Close up on Inka man

The Inka prophecies

In Metaphysics, Philosophy and Traditional Wisdom by Alberto VilloldoLeave a Comment

My mentor, an old Indian who made his great and final journey a few years ago, used to tell me, “Alberto, we have a pending dinner engagement with the Great Spirit.” He explained that as we were being kicked out of the Garden of Eden, a voice said, “For you have eaten of the fruit of the tree of knowledge of good and evil, and now, lest you also eat of the fruit of life everlasting and become as one of US, out!” (Genesis 3:22). “We must go back to eat of the fruit of that second tree”, he would say.

The first great awakening of the shaman happens when he looks at his reflection in a clear pool, and realises his own mortality. Until then, he is like a child, who realises that death happens, but believes that it will never happen to him. The presence and awareness of his death, of his temporal nature, becomes the shaman’s greatest teacher. The next great awakening for the shaman happens with the awareness of his trans-temporal nature, when he steps outside of time. For the medicine person this awareness is not an intellectual understanding. It isn’t some tired cliché that we are eternal beings. It is first an experience, and next a skill that allows him to journey to his destiny.

The Inkas are very practical people. They believe that if you cannot grow corn with it, it’s another cliché – and they differentiate between information and knowledge.

Information is knowing that water is H2O. Knowledge is being able to make it rain. To the Inka the prophecies are useless without the keys, the rites of passage to get you there. The word ‘Inka’ in the Qechua language means ‘a child of the sun, our local star’. The processes at the heart of the Inka prophecies are the Star Rites, the Mosok Karpay, the Rites of the Time to Come.

The word ‘pacha’ in the language of the Inkas means ‘earth, time’. ‘Cutti’ means to turn upside down, or to set things right. The prophecies of the return of Pachacuti herald the end of time. The last Pachacuti happened five hundred years ago with the arrival of the Spanish Conquistadors. Throughout the Americas, the world of the Indian was turned upside down. Kings and chiefs were subjugated and turned into slaves, and barbarians became rulers. Medicine people were tortured in the mines and fields, and rapists began preaching the word of a white god. Order in the Americas was overturned, and replaced with chaos. And with the coming of the European religions, the children of the earth were cast out of the garden. The next Pachacuti, according to the Inkas, has already begun, and the upheaval and chaos characteristic of this period will last another two years. During this time the world will be turned right side up again. The paradigm of European civilisation will continue to collapse, and the ways of the earth peoples will return. The Conquistador will perish by his own hand and his own blade.

For the last of the Inkas this next Pachacuti means the possible end of the world as we know it. But it also promises the emergence of a new human at the end of this period of turmoil. It announces the beginning of a millennium of gold in the earth. Even more important, for the medicine people the prophecies speak about a tear in the fabric of time itself. This presents an opportunity for us to begin defining ourselves not only in terms of who we have been in the past, by our personal and collective history, but who we will become ten thousand years from now.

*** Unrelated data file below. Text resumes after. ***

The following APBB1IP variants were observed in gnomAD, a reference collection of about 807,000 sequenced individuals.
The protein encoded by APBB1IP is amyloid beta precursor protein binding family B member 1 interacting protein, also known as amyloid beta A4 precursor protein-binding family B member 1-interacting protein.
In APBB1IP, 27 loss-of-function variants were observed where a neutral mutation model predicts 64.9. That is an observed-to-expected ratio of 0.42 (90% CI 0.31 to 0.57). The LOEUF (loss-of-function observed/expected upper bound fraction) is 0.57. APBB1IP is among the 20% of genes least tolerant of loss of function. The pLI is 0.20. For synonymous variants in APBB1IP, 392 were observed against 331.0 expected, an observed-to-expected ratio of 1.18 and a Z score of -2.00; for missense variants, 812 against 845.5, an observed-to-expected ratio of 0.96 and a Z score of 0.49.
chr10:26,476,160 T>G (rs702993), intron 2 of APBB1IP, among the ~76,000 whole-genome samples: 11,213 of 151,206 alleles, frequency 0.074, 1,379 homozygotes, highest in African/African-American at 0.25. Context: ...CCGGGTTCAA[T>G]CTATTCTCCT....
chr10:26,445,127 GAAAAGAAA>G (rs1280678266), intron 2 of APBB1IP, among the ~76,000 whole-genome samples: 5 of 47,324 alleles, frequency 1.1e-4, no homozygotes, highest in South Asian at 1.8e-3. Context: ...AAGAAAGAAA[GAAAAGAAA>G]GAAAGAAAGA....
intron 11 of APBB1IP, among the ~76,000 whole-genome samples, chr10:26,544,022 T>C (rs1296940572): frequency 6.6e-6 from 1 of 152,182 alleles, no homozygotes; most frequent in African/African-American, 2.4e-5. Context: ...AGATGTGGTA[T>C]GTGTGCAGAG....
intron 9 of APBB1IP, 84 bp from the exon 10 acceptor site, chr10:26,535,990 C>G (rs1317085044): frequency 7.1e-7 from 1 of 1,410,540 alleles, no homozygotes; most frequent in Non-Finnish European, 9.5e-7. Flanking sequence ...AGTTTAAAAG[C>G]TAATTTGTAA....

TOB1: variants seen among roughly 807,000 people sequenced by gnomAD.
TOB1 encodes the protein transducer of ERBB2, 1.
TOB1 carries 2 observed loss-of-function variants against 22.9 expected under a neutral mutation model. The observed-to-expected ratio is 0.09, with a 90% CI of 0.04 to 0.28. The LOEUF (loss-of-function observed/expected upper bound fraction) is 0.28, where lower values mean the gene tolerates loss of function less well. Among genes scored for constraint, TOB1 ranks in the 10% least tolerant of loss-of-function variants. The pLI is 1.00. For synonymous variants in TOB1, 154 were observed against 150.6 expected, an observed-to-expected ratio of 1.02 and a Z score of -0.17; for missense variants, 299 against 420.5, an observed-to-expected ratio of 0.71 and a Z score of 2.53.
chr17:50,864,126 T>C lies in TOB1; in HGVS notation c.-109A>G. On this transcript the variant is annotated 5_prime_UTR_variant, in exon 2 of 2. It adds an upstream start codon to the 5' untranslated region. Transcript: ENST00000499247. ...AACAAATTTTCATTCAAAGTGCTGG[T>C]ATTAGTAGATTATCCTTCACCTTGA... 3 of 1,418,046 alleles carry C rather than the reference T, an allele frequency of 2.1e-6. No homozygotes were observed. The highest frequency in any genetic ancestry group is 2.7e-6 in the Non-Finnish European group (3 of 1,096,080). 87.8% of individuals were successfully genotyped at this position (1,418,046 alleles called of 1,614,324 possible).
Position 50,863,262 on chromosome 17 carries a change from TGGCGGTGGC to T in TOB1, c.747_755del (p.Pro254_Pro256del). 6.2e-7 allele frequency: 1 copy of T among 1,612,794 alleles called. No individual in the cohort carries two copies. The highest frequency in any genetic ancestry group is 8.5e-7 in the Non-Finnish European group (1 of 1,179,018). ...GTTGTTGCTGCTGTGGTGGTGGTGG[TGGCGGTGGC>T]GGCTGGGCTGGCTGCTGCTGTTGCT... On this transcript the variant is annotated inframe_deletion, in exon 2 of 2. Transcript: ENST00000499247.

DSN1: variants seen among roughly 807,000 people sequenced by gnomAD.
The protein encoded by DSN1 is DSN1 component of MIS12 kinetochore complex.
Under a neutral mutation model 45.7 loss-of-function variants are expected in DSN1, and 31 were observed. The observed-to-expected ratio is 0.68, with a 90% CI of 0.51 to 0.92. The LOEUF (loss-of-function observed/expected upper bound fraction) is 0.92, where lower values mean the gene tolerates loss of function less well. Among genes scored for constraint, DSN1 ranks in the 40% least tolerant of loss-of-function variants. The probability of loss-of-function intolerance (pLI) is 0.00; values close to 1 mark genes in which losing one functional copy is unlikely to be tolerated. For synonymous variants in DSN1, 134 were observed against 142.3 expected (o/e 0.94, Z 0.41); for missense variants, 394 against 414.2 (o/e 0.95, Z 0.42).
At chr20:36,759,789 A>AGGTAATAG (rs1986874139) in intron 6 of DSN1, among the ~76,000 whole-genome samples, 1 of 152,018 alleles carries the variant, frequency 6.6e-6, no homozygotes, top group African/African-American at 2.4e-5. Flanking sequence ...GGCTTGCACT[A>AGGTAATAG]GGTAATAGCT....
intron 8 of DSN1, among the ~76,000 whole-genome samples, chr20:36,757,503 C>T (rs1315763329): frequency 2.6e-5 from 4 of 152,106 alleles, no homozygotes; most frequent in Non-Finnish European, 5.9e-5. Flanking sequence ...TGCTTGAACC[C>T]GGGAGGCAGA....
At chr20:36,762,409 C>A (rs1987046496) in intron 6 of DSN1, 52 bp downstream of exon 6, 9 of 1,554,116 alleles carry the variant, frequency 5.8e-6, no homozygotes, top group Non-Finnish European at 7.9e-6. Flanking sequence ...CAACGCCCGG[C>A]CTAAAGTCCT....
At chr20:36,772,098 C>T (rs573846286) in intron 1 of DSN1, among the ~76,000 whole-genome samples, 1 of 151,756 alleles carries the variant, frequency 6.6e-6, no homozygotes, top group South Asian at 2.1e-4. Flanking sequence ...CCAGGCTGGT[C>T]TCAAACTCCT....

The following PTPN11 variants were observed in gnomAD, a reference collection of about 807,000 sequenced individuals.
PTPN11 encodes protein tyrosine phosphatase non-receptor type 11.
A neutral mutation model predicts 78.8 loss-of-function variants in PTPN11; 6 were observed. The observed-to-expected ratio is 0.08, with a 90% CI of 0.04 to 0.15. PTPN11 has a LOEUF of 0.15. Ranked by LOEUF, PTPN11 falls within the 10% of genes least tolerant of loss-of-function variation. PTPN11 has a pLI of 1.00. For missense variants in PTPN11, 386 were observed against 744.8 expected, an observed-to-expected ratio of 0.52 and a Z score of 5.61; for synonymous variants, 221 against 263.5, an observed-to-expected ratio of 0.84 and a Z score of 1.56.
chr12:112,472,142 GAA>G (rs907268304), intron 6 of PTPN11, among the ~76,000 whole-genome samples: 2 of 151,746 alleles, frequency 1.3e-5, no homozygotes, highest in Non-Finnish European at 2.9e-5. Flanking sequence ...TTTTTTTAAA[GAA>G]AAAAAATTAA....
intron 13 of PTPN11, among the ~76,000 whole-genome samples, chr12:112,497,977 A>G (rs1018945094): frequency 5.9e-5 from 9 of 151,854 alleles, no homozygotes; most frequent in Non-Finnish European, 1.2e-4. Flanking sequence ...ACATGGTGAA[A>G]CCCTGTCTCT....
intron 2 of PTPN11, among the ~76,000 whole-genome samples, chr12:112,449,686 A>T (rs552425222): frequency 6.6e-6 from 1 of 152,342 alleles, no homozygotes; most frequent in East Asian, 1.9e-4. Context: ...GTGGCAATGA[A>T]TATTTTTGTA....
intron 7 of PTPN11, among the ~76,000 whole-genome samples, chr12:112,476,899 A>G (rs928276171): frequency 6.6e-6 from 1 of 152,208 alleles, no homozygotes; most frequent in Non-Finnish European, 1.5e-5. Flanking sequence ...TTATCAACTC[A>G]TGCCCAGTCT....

Like the Hopi, the Q’ero were given signs that would announce the coming of the Pachacuti. These signs included the drying of the high mountain lagoons, the near extinction of the condor, and the wrath of our father the sun (the Q’ero live at 17,000 feet, right below the tear in the ozone layer). It is these signs that led them to first come down from their mountain tops to reveal the rites of passage for stepping outside of time.

Shamanism is not a religion, yet it is the basis of all religions. The Andean shamans, the pacos, will explain that they have no Christ, no Buddha, no Moses that says, “Follow my footsteps”. The pacos say, “Follow your own footsteps. Learn from the rivers, the trees and the rocks. Honour the Christ, the Buddha, and your brothers and sisters. Honour the Pachamama (the Earth Mother) and the Great Spirit. Honour yourself and all of creation.” Nonetheless, the theme of stepping beyond time that the Inkas speak of can be found in every religious tradition. In Judaism, the Messiah will come at the end of time. When Christ came, time ended and a new time began (Before Christ and After Christ). What is unique among the Inkas is that stepping outside of time has not been institutionalised. It remains an act of personal power that can be attempted by anyone with the daring and courage to step through the doorways of time, escape the grip of death, and become who we are becoming ten thousand years from today.

Alberto Villoldo, PhD, is a medical anthropologist and psychologist who has studied the spiritual practices of the Amazon and the Andes for more than 25 years. He is the founder of the Biological Self-Regulation Laboratory and the Four Winds Society. He is the author of numerous books, including Yoga, Power and Spirit: Patanjali the Shaman and Courageous Dreaming.

Share this post

Leave a Comment